Politics & Economics

New Hopes Of Better Life In Mosul As Elections Near


Still recovering from three-years of ISIS occupation, the city of Mosul is preparing for the upcoming Iraqi national elections.

Still stricken and slowly recovering from conflict, the city of Mosul is preparing for the Iraqi general elections that are due to take place on May 12th. The elections are the first to take place since the emergence and subsequent defeat of ISIS in Iraq. Therefore, there are many hopes and fears riding on the outcome of the elections, with some wondering if it is a good time to have any elections at all.

In Mosul, the main source of concerns relate to the state of the city and its population. Having been fully liberated only less than a year ago, much of West Mosul, in particular, is still carrying the scars of the conflict. Although more and more people are returning to the city, a great chunk of the population remains displaced and homeless. With as many as 2500 Moslawis still missing, there is also fear that a rushed election can lead to skewed or distorted results.

For others, however, elections represent the only way to truly ensure that Mosul will get the reconstruction it needs. Although the Iraqi Government gained much-needed legitimacy in its efforts to liberate the city from ISIS, there are bubbling frustrations over what has been perceived as a lack of attention to the needs of the city even as other cities such as Tal Afar have been rebuilt relatively swiftly. Of course, it helps that Tal Afar did not suffer nearly as much damage as Mosul, but for many people here, the situation is emblematic of the government’s tendency to offer nothing but slogans. They hope that an election will bring in new faces that can help the city on the path to recovery.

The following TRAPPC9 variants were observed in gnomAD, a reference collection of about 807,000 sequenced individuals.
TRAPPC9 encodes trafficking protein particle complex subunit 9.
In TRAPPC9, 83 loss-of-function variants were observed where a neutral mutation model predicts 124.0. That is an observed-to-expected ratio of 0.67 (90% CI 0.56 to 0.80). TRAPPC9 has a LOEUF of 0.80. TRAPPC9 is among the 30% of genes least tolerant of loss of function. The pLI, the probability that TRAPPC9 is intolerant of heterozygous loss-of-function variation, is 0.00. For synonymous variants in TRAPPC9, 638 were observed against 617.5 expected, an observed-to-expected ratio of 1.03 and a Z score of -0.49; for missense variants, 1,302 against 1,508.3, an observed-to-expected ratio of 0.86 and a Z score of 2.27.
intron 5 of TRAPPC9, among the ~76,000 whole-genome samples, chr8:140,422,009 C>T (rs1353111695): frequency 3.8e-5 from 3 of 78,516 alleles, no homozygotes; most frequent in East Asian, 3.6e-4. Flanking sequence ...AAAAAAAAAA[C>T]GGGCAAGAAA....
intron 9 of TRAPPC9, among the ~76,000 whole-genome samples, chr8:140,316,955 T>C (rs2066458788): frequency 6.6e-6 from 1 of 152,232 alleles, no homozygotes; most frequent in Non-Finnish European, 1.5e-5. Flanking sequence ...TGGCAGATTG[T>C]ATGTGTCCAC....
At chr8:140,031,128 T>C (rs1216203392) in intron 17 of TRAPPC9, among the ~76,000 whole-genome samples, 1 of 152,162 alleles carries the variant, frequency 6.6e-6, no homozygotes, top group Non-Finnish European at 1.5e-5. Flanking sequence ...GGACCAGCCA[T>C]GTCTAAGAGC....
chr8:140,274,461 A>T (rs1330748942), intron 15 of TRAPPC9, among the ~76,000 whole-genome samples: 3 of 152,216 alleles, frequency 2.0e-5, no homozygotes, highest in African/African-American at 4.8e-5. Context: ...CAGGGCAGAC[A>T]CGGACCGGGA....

Indeed, reconstruction and anti-corruption seem to be the running themes of this election, as is non-sectarianism. Many Iraqis across the political spectrum feel that the sectarian politics have provided ISIS with an environment to grow in. Prime Minister Haider al-Abadi was widely criticised when reports emerged that he had sought a coalition with a number of controversial political figures from the Popular Mobilisation Units. Furthermore, with many Shia parties also competing against each other, this has motivated many blocs to form cross-confessional coalitions. Controversial Shia cleric Muqtada al-Sadr has entered into an unlikely alliance with the Iraqi Communist Party, running on a platform of anti-corruption and non-sectarianism.

For the people of Mosul, their main hopes out of the election is that it can help put their city on the path to recovery and, more importantly, prevent their city from beset by conflict once again.